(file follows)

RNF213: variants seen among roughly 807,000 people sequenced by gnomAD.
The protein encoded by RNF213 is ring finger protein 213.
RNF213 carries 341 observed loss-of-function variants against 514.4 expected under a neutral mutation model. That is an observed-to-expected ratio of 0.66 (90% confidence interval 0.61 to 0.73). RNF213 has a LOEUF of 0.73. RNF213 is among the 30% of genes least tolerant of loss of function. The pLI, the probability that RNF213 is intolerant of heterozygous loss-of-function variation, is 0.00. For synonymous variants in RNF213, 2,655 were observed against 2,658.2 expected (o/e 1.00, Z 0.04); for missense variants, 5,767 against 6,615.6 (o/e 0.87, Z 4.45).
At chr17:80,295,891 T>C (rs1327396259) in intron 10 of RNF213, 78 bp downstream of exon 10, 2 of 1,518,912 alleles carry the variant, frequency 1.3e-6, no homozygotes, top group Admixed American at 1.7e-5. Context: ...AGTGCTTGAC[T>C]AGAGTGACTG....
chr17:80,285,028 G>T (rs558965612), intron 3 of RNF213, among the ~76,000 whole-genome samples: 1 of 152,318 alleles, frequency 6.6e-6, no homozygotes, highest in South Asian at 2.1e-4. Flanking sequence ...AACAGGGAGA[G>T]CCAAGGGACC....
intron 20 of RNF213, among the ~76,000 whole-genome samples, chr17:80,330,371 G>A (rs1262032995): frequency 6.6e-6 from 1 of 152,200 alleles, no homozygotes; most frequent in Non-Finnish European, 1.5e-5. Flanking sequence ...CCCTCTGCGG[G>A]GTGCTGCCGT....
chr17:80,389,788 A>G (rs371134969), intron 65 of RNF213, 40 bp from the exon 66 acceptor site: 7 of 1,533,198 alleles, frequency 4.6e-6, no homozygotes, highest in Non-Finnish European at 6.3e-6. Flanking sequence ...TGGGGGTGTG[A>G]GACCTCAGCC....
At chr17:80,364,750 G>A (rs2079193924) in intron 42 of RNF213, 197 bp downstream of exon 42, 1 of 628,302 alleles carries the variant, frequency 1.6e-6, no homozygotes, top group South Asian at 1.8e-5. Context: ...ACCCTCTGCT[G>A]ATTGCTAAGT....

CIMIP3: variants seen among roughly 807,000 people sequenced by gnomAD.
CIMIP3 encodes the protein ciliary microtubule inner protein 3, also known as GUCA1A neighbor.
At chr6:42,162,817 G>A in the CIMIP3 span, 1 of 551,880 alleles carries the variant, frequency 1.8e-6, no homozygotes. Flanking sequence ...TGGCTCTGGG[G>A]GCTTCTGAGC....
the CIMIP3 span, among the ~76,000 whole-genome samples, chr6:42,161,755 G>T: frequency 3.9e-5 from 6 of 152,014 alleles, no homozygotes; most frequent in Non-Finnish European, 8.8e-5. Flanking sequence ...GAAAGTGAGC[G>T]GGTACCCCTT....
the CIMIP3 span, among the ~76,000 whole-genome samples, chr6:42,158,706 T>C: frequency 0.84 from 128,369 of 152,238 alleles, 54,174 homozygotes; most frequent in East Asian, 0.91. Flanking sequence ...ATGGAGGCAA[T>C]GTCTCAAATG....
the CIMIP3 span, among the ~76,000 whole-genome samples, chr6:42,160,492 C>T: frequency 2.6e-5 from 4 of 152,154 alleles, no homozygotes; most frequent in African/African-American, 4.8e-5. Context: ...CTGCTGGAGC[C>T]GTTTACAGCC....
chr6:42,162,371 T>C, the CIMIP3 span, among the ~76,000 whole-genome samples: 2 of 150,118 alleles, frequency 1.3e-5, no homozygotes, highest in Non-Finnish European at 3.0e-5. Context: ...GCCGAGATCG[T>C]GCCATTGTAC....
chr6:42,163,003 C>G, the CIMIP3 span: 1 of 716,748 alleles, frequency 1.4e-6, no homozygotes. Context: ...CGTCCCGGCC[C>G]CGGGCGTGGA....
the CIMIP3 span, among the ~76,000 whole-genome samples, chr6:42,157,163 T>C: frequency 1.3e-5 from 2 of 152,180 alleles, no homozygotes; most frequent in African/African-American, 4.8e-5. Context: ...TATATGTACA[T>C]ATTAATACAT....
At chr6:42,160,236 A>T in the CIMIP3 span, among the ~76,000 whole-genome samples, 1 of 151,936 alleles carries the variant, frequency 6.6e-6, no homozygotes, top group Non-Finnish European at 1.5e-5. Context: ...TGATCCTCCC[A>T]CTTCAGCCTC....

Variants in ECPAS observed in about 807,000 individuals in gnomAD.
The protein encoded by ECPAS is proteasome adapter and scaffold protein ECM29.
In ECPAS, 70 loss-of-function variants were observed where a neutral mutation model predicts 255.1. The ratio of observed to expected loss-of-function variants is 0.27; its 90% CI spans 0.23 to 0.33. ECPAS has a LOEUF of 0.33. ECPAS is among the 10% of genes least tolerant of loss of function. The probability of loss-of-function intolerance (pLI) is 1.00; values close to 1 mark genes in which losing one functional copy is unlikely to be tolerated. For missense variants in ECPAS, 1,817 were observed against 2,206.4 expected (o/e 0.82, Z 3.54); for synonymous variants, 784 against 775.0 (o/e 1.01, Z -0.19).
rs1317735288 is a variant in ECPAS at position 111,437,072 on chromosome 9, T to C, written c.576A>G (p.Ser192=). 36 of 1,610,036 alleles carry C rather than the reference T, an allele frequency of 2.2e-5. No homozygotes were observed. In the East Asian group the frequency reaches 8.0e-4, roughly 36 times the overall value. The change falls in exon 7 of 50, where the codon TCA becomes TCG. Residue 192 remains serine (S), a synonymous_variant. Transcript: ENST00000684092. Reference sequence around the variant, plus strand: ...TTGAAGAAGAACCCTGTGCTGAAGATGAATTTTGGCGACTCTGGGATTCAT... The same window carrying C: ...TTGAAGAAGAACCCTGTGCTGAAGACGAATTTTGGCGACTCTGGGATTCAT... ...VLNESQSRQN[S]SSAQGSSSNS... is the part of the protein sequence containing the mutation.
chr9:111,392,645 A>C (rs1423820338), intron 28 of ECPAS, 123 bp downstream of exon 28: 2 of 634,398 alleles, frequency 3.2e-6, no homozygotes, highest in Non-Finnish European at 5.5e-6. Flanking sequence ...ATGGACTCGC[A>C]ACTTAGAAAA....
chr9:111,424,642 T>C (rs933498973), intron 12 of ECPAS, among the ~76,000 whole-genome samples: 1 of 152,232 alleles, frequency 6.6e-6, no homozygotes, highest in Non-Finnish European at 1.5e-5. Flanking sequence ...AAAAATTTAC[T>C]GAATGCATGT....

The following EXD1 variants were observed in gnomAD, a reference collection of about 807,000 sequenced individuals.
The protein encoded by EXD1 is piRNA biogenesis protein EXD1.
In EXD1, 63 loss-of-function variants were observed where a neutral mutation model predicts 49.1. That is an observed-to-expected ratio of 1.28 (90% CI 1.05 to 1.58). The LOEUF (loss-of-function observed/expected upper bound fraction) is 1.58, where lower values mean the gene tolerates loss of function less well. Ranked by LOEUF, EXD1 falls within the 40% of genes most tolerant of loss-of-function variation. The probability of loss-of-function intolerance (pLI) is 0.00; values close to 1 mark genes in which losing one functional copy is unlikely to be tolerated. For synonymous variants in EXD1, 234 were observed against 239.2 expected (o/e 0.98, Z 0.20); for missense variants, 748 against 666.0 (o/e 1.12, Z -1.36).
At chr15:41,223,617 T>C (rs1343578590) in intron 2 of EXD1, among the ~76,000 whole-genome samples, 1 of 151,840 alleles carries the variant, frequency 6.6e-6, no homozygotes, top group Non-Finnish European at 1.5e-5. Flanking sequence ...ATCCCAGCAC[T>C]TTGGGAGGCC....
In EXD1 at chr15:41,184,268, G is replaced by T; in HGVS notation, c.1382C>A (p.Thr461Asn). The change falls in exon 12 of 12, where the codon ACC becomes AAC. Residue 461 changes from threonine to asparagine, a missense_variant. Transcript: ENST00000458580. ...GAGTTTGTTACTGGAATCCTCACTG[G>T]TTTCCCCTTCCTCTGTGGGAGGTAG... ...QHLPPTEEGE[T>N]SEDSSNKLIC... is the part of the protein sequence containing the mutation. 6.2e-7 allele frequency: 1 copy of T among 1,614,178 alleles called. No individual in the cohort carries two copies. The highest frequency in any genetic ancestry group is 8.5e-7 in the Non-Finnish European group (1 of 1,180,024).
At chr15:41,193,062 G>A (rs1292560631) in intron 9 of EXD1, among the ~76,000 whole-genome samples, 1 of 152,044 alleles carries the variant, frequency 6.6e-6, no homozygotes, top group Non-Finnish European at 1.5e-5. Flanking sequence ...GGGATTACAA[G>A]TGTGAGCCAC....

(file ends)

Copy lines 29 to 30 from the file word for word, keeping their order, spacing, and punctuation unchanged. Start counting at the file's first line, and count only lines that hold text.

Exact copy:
In EXD1 at chr15:41,184,268, G is replaced by T; in HGVS notation, c.1382C>A (p.Thr461Asn). The change falls in exon 12 of 12, where the codon ACC becomes AAC. Residue 461 changes from threonine to asparagine, a missense_variant. Transcript: ENST00000458580. ...GAGTTTGTTACTGGAATCCTCACTG[G>T]TTTCCCCTTCCTCTGTGGGAGGTAG... ...QHLPPTEEGE[T>N]SEDSSNKLIC... is the part of the protein sequence containing the mutation. 6.2e-7 allele frequency: 1 copy of T among 1,614,178 alleles called. No individual in the cohort carries two copies. The highest frequency in any genetic ancestry group is 8.5e-7 in the Non-Finnish European group (1 of 1,180,024).
At chr15:41,193,062 G>A (rs1292560631) in intron 9 of EXD1, among the ~76,000 whole-genome samples, 1 of 152,044 alleles carries the variant, frequency 6.6e-6, no homozygotes, top group Non-Finnish European at 1.5e-5. Flanking sequence ...GGGATTACAA[G>A]TGTGAGCCAC....